Mysterious letterforms in Pisa

by Kris

During our excursion in Pisa today, one of the students asked me why there were triangles carved into some of the paving stones in the Campo dei Miracoli.  I had no ready answer for her, so I went back later to walk around and look more carefully.

These are the symbols or letterforms that I found carved into the pavement:

There may be even more, but these are the ones I found in the little time I had today to look for them.  The two circular symbols are located in the marble that surrounds the Duomo, while the triangle is carved into a slab of marble in the pavement running alongside the Camposanto.

What could these symbols be?  Some possibilities:

Location or measurement markings, such as for a meridian?  But they’re not regularly placed, nor spaced evenly.

Codes used by the stonemasons when producing the blocks, to assist in their placement? This theory came to my mind because it is also one theory put forth to explain the strange symbols on the bugne on the facade of the Chiesa del Gesù Nuovo in Naples:

Yet in Pisa, the blocks with symbols are merely paving stones, which I doubt needed the most precise placement.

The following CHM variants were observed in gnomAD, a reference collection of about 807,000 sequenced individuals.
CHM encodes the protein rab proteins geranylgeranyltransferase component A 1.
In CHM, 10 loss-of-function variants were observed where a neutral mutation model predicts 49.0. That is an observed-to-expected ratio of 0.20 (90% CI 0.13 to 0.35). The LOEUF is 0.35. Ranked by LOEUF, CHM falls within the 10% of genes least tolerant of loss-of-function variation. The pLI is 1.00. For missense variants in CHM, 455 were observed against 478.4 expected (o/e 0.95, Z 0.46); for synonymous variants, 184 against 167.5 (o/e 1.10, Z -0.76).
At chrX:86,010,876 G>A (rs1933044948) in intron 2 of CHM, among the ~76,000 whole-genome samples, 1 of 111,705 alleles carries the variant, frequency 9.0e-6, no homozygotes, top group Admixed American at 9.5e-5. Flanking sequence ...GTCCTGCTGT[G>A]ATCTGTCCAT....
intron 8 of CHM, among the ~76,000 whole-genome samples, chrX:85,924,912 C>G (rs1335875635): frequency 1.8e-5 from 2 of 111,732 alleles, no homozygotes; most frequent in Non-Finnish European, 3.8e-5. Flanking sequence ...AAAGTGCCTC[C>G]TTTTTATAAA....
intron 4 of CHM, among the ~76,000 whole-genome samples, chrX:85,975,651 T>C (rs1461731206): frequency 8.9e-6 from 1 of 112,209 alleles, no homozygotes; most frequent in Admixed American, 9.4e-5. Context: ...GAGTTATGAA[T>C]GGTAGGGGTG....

My third theory seems more likely: that the letterforms on those marble blocks were leftover from the blocks’ former lives as Roman or early Christian inscriptions.  While walking around the Duomo, I found evidence that many of the marble pieces used in the building had been re-used:

(Feet included for scale and orientation.)

My final theory is that the letterforms are simply ancient graffiti.  All along the base of the Duomo’s exterior, I found carved names that might have been nothing more than the attempts of individuals in the Middle Ages to satisfy their desire to leave their permanent mark on the world:

Beyond these theories, I’m out of ideas.  If anyone out there has anything to contribute, please leave a comment!

This one, located in the pavement of the walk approaching the facade of the Duomo in Pisa, was easy to identify: the cross of the Knights of St. Stephen, the Roman Catholic military order that had its headquarters in Pisa.